Professor Simon Heller, a member of JDRF’s Scientific Advisory Committee has just launched a trial to answer some of the questions he discussed in an interview with Type 1Discovery magazine two years ago…
In Type 1 Discovery issue 50, we interviewed Professor Heller about hypoglycaemia and ways people with type 1 can manage their condition to maintain good control and avoid hypos as far as possible.
In the article Professor Heller talked about both the Dose Adjustment For Normal Eating (DAFNE) programme and the role of technology in treating type 1. He also discussed how complex it is for doctors and people with type 1 alike to weigh up the advantages and disadvantages of different ways of treating type 1 for different individuals.
Most research around starting to use an insulin pump in adulthood has been done comparing people who start using a pump with people who continue to use multiple daily injections, without any additional training. This means there is a gap in the research evidence. It is possible that the training people receive when they begin using a pump, particularly around carb counting, may be at least partly responsible for the improvements in control that studies on pump use suggest.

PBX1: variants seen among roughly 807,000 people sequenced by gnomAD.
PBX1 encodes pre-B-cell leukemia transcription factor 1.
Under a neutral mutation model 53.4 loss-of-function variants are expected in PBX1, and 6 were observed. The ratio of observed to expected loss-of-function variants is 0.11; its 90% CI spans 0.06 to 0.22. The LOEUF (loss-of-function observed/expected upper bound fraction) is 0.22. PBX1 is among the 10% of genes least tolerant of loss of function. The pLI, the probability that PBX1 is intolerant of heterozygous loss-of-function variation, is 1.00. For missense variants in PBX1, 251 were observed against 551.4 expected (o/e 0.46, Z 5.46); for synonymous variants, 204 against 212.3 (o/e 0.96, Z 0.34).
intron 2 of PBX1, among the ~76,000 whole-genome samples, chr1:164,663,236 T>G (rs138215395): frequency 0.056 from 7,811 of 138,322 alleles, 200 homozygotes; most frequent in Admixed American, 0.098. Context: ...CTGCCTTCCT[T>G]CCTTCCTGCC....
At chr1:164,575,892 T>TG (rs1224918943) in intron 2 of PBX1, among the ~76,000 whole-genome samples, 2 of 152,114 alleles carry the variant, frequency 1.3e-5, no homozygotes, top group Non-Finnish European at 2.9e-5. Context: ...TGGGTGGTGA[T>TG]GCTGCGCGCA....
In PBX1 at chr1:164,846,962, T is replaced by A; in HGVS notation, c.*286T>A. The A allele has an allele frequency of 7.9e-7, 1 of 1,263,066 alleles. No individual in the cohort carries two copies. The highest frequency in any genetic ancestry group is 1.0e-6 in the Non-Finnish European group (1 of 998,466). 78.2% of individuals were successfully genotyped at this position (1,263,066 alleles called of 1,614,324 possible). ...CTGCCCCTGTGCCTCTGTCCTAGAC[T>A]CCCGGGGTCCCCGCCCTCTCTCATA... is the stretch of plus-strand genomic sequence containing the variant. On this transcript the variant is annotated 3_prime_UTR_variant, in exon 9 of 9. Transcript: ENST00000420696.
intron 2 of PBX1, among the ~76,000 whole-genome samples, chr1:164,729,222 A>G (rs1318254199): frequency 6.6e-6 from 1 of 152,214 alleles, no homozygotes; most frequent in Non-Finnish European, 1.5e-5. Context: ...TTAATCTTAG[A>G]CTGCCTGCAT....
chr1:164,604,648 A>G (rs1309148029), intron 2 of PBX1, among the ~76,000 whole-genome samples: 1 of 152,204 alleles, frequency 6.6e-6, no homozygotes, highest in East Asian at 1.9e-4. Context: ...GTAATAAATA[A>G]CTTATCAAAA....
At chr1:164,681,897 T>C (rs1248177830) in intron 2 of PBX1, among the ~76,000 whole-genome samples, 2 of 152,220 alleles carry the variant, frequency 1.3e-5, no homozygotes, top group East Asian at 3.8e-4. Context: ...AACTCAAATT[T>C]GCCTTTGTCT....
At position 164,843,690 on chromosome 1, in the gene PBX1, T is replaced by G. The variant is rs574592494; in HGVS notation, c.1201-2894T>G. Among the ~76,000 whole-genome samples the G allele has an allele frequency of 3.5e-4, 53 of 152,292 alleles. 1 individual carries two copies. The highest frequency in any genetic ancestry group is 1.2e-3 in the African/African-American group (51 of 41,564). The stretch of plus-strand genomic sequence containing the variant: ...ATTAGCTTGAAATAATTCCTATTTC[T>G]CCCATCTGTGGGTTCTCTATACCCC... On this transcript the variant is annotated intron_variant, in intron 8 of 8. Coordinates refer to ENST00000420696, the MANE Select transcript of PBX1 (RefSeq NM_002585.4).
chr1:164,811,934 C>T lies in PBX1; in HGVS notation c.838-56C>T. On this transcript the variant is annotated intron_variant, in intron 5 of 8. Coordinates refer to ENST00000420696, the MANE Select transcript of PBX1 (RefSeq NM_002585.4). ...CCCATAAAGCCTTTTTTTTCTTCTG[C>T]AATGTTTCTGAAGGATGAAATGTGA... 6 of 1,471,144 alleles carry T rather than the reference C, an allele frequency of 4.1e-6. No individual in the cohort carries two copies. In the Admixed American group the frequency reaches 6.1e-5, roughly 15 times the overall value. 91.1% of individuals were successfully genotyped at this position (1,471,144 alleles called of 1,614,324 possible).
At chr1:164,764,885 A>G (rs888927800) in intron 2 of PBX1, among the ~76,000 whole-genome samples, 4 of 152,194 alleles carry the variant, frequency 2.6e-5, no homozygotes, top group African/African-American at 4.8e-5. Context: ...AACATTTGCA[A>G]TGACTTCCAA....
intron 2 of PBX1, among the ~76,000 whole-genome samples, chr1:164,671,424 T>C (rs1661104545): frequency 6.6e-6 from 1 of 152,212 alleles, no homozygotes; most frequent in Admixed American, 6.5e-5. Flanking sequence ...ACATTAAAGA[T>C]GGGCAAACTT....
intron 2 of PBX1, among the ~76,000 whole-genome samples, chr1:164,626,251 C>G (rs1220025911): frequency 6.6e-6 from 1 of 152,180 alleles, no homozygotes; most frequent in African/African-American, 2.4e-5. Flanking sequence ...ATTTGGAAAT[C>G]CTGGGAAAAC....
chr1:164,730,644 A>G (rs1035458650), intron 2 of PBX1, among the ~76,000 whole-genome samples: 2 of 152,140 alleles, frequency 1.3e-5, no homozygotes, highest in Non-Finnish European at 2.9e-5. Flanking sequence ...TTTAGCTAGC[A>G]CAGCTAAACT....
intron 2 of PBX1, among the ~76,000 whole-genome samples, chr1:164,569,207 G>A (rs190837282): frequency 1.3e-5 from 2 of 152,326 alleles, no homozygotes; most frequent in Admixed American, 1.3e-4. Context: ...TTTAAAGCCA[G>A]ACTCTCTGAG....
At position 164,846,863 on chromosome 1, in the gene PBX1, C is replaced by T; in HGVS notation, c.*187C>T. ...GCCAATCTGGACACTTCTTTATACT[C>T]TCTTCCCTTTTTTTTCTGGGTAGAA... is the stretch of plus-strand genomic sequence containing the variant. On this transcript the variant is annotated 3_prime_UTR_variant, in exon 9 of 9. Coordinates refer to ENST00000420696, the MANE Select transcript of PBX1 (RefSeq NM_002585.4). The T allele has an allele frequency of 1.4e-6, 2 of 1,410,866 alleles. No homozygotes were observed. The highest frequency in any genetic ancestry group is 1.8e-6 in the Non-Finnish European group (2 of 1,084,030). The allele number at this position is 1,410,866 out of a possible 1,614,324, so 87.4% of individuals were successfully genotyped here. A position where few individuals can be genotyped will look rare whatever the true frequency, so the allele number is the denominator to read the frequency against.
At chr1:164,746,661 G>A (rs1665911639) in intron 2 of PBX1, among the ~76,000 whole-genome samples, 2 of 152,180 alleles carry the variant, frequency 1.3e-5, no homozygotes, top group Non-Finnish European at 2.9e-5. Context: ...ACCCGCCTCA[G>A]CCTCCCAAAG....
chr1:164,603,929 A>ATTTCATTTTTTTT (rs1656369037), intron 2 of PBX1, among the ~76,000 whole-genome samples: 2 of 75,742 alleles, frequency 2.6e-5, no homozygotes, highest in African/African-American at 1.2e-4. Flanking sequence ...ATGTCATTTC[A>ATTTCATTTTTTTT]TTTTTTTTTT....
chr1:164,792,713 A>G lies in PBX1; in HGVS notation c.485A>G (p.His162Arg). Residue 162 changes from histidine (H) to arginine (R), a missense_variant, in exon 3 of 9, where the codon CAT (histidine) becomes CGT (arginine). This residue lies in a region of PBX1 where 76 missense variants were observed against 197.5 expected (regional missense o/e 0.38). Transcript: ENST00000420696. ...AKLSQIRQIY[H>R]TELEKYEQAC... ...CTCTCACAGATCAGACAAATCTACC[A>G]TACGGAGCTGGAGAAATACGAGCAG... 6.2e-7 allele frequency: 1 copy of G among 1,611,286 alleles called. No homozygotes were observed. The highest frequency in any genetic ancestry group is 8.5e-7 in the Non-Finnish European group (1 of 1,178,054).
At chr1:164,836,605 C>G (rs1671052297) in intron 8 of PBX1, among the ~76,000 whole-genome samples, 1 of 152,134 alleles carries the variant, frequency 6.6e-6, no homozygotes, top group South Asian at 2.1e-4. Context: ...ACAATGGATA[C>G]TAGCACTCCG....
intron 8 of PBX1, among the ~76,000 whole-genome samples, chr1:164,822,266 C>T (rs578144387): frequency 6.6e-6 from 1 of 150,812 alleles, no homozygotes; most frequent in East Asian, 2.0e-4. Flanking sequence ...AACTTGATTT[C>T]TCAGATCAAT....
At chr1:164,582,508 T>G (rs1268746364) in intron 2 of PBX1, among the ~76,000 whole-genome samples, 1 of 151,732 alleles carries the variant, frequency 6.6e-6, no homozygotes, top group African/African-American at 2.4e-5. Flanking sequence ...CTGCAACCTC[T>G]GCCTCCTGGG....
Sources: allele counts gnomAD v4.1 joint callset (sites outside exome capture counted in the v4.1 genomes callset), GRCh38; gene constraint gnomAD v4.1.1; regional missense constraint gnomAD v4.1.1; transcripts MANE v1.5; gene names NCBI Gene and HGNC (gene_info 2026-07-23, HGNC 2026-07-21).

The Relative Effectiveness of Pump Therapy Over MDI and Structured Education (REPOSE) trial seeks to find out if this is the case. Volunteers to the study will be randomly assigned to one of two groups. One group will participate in the DAFNE course, while the other group will participate in DAFNE and begin using an insulin pump. Both groups will be followed up for two years, and the researchers will collect information on how glucose control in both groups changes during the trial. They will also collect a range of information about how people in the trial feel about their type 1 treatment, their quality of life, and importantly their fear of hypoglycaemia.
The results of the trial will help doctors and decision makers within the NHS to understand how information and training can work alongside different technical ways of treating type 1 diabetes. If the trial demonstrates an added benefit of insulin pumps above injections then the hope is that diabetes teams may be more willing to refer people for pump therapy which is relatively underused in the UK.
The trial is completely funded by the NIHR Health Technology Assessment programme. It is currently recruiting volunteers all around the country: if you are over 18, do not use a pump and have never done the DAFNE course, why not get in touch with the REPOSE team to see if a hospital near you is involved in the study?
Diana Papaioannou, REPOSE Trial Manager
email: [email protected] phone: 0114 222 0766
Lucy Wraith REPOSE Trial Support Officer
email: [email protected] phone: 0114 222 0866